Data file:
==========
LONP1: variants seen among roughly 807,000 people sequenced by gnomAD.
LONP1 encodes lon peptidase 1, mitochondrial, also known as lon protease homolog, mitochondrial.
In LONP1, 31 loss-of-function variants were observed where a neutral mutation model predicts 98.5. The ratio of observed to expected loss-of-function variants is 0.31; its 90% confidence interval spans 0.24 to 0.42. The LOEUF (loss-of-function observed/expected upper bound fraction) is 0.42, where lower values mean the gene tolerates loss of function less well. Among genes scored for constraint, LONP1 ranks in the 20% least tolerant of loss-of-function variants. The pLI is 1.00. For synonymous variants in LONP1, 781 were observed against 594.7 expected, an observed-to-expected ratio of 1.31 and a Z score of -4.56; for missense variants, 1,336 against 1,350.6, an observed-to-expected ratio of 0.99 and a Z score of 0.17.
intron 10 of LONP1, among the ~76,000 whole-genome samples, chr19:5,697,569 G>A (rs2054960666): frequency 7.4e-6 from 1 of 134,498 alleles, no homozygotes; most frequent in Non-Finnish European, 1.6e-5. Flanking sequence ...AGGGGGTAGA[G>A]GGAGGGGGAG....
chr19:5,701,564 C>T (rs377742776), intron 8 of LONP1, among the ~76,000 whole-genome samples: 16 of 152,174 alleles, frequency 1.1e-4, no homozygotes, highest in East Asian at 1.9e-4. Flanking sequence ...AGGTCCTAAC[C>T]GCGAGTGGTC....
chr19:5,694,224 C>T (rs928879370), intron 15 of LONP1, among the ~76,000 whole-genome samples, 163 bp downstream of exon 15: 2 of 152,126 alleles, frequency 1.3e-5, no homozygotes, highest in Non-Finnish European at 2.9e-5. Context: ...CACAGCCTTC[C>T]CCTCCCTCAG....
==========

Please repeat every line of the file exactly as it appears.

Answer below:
LONP1: variants seen among roughly 807,000 people sequenced by gnomAD.
LONP1 encodes lon peptidase 1, mitochondrial, also known as lon protease homolog, mitochondrial.
In LONP1, 31 loss-of-function variants were observed where a neutral mutation model predicts 98.5. The ratio of observed to expected loss-of-function variants is 0.31; its 90% confidence interval spans 0.24 to 0.42. The LOEUF (loss-of-function observed/expected upper bound fraction) is 0.42, where lower values mean the gene tolerates loss of function less well. Among genes scored for constraint, LONP1 ranks in the 20% least tolerant of loss-of-function variants. The pLI is 1.00. For synonymous variants in LONP1, 781 were observed against 594.7 expected, an observed-to-expected ratio of 1.31 and a Z score of -4.56; for missense variants, 1,336 against 1,350.6, an observed-to-expected ratio of 0.99 and a Z score of 0.17.
intron 10 of LONP1, among the ~76,000 whole-genome samples, chr19:5,697,569 G>A (rs2054960666): frequency 7.4e-6 from 1 of 134,498 alleles, no homozygotes; most frequent in Non-Finnish European, 1.6e-5. Flanking sequence ...AGGGGGTAGA[G>A]GGAGGGGGAG....
chr19:5,701,564 C>T (rs377742776), intron 8 of LONP1, among the ~76,000 whole-genome samples: 16 of 152,174 alleles, frequency 1.1e-4, no homozygotes, highest in East Asian at 1.9e-4. Flanking sequence ...AGGTCCTAAC[C>T]GCGAGTGGTC....
chr19:5,694,224 C>T (rs928879370), intron 15 of LONP1, among the ~76,000 whole-genome samples, 163 bp downstream of exon 15: 2 of 152,126 alleles, frequency 1.3e-5, no homozygotes, highest in Non-Finnish European at 2.9e-5. Context: ...CACAGCCTTC[C>T]CCTCCCTCAG....